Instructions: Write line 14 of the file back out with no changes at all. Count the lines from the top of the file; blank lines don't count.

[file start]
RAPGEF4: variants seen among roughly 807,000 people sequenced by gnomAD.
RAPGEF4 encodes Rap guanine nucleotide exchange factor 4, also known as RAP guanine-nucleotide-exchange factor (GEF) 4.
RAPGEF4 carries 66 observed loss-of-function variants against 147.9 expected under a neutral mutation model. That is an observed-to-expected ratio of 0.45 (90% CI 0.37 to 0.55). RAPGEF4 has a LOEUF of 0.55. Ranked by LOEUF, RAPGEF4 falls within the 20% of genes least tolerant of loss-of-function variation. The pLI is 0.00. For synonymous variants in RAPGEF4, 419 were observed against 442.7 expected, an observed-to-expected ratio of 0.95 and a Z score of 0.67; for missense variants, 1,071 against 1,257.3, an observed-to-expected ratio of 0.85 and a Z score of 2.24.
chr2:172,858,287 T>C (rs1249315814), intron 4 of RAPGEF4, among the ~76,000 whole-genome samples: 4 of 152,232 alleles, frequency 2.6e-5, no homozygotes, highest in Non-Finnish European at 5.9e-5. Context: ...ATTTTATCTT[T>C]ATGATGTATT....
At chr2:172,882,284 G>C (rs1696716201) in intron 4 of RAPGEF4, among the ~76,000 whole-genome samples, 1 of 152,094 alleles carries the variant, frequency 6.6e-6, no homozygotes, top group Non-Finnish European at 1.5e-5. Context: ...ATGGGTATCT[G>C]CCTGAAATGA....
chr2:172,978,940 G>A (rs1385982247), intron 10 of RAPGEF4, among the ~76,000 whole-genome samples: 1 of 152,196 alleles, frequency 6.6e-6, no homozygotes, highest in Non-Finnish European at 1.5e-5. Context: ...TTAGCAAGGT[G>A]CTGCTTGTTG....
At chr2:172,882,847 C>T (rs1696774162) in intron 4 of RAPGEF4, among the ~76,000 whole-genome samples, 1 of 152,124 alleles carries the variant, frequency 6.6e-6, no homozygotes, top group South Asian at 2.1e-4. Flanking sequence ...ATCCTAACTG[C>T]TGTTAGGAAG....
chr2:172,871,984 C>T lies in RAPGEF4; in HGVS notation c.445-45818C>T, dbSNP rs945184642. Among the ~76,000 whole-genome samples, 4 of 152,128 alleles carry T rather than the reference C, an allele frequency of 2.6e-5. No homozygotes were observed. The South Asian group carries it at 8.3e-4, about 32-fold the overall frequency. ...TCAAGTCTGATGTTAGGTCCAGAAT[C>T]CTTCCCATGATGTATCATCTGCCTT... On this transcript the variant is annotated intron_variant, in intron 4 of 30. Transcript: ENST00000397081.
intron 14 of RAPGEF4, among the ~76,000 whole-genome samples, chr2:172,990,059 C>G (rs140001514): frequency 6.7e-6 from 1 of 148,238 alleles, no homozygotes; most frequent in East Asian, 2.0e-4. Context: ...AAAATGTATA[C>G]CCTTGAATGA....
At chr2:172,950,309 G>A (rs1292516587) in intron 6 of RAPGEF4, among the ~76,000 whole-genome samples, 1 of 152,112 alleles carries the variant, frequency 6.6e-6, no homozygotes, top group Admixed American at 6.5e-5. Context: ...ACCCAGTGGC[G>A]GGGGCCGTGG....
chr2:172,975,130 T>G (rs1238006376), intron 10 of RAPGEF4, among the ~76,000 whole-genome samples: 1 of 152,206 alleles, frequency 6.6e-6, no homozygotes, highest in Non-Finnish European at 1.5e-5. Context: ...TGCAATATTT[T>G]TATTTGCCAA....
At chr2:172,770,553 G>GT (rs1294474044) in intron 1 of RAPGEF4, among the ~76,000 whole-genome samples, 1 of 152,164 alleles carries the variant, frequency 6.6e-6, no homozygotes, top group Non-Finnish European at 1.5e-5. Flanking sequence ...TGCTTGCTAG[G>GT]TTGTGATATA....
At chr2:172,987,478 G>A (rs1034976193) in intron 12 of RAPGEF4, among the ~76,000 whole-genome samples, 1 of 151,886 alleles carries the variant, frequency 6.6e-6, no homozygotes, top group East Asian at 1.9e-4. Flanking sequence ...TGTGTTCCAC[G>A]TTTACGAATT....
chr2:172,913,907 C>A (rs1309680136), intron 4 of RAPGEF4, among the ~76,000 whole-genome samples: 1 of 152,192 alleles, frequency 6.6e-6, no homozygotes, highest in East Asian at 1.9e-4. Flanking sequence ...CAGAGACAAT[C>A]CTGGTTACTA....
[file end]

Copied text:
chr2:172,913,907 C>A (rs1309680136), intron 4 of RAPGEF4, among the ~76,000 whole-genome samples: 1 of 152,192 alleles, frequency 6.6e-6, no homozygotes, highest in East Asian at 1.9e-4. Flanking sequence ...CAGAGACAAT[C>A]CTGGTTACTA....